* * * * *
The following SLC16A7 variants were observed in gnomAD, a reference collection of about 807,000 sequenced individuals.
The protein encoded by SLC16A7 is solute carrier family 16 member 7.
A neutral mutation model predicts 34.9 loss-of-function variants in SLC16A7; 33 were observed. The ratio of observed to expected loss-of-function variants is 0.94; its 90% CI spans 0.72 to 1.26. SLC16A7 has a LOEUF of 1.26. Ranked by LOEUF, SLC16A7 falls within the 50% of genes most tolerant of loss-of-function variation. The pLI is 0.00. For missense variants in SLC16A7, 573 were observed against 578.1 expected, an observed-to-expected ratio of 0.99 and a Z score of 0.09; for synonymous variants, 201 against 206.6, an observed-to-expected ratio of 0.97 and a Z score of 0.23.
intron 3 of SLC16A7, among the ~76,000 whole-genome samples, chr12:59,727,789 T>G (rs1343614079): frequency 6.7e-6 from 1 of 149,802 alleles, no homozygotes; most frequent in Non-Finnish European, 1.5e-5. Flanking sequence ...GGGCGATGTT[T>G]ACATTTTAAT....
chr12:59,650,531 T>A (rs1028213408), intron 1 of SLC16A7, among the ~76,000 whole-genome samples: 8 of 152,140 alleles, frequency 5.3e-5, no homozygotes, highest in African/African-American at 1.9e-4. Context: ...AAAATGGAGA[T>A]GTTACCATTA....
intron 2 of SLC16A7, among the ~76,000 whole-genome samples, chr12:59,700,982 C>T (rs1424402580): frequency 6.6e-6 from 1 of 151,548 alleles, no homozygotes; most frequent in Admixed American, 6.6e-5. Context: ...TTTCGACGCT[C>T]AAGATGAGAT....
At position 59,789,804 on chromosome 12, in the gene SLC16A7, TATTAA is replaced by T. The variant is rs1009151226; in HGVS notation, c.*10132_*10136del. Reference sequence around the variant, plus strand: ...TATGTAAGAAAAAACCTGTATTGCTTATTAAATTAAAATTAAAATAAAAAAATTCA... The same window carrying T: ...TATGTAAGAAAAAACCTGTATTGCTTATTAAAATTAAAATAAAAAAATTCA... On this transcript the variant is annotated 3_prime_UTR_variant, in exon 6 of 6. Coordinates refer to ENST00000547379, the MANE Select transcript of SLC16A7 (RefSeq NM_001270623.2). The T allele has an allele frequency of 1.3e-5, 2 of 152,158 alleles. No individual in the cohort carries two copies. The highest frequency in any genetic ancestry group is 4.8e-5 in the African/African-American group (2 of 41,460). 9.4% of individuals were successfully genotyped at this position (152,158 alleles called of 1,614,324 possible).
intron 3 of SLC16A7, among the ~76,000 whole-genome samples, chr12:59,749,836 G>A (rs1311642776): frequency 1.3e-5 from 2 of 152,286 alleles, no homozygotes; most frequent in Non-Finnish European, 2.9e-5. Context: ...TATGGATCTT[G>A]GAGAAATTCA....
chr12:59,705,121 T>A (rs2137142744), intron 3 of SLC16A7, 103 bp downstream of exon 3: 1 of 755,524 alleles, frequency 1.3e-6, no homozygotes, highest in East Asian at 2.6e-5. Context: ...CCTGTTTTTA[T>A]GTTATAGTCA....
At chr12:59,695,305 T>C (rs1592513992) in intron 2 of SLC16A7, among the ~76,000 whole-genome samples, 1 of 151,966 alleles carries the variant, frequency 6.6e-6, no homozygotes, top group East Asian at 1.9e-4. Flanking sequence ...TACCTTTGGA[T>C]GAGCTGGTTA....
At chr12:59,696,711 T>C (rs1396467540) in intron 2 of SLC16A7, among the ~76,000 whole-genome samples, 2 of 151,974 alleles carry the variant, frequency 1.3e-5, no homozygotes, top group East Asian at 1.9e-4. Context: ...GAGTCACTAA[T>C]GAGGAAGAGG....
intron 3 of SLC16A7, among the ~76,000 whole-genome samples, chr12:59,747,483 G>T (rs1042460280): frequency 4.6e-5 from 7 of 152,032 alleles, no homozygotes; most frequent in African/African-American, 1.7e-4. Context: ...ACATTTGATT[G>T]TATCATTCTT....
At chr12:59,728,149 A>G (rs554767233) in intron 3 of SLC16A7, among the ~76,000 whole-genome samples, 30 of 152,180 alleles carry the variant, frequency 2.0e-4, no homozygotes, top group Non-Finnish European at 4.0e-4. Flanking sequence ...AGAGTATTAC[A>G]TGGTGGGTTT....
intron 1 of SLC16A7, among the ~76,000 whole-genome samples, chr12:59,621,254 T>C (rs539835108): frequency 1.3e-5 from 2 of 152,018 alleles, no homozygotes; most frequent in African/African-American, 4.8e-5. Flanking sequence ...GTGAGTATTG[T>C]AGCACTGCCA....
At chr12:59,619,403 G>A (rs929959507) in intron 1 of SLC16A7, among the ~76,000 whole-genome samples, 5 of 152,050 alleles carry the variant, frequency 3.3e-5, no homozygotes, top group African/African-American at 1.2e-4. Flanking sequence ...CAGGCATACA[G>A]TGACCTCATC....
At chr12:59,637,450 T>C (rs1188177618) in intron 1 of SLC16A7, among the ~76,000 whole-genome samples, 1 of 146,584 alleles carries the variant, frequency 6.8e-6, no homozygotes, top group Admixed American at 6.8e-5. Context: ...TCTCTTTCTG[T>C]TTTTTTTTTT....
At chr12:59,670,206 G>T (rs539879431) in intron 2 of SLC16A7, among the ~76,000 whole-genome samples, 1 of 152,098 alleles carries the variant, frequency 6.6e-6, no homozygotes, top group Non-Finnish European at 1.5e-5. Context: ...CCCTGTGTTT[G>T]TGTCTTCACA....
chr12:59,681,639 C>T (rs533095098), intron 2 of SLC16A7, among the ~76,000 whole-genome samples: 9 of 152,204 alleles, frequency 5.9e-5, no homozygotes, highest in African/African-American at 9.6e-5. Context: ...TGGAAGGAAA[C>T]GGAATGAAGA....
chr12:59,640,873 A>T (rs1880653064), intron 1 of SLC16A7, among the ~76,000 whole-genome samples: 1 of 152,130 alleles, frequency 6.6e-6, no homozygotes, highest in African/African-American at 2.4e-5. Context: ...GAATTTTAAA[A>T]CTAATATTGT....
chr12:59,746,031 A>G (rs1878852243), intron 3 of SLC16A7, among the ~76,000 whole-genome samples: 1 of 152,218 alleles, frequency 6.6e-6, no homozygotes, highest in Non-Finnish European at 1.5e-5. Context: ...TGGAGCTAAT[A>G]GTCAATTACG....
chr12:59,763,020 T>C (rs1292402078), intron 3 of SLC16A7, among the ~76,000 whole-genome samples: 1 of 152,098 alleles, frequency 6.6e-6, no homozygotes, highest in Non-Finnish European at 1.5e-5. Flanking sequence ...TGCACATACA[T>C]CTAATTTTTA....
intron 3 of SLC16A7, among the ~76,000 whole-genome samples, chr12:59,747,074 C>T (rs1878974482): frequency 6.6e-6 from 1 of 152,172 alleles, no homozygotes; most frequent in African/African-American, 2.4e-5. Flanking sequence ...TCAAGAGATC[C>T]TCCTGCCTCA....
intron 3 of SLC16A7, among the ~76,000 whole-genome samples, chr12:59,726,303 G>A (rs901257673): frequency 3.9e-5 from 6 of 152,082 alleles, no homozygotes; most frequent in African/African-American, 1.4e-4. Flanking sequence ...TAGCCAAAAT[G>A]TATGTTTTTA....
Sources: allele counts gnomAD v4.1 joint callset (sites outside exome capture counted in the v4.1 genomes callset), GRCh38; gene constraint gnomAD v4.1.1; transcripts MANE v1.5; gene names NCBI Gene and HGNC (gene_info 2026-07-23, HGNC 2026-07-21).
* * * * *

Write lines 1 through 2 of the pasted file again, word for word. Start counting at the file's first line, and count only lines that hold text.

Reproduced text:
The following SLC16A7 variants were observed in gnomAD, a reference collection of about 807,000 sequenced individuals.
The protein encoded by SLC16A7 is solute carrier family 16 member 7.